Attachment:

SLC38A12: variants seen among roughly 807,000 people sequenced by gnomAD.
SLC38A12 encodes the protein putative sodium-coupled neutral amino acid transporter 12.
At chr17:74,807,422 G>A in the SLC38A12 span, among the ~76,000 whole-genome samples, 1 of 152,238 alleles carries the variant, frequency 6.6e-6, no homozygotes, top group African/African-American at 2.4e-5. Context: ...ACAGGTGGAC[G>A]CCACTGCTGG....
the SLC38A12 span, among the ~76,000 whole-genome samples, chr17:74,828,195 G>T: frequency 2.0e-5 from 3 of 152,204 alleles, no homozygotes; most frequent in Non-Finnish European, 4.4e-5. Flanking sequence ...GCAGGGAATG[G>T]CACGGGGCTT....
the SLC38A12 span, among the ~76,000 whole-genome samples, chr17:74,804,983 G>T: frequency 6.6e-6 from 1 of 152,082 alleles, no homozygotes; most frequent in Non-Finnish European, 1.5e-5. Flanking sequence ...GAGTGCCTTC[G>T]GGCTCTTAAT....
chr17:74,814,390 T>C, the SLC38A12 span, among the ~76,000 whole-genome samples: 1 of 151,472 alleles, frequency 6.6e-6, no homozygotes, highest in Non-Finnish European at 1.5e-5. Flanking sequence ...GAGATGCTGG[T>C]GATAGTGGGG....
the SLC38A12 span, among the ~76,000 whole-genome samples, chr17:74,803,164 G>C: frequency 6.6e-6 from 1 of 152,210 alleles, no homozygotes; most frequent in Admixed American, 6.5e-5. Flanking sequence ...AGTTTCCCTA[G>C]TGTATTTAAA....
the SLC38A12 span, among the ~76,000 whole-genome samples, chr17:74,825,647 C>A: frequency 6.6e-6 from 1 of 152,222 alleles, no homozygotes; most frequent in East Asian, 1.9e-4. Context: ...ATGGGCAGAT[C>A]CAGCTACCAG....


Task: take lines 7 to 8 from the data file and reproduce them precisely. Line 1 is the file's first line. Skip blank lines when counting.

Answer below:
the SLC38A12 span, among the ~76,000 whole-genome samples, chr17:74,803,164 G>C: frequency 6.6e-6 from 1 of 152,210 alleles, no homozygotes; most frequent in Admixed American, 6.5e-5. Flanking sequence ...AGTTTCCCTA[G>C]TGTATTTAAA....
the SLC38A12 span, among the ~76,000 whole-genome samples, chr17:74,825,647 C>A: frequency 6.6e-6 from 1 of 152,222 alleles, no homozygotes; most frequent in East Asian, 1.9e-4. Context: ...ATGGGCAGAT[C>A]CAGCTACCAG....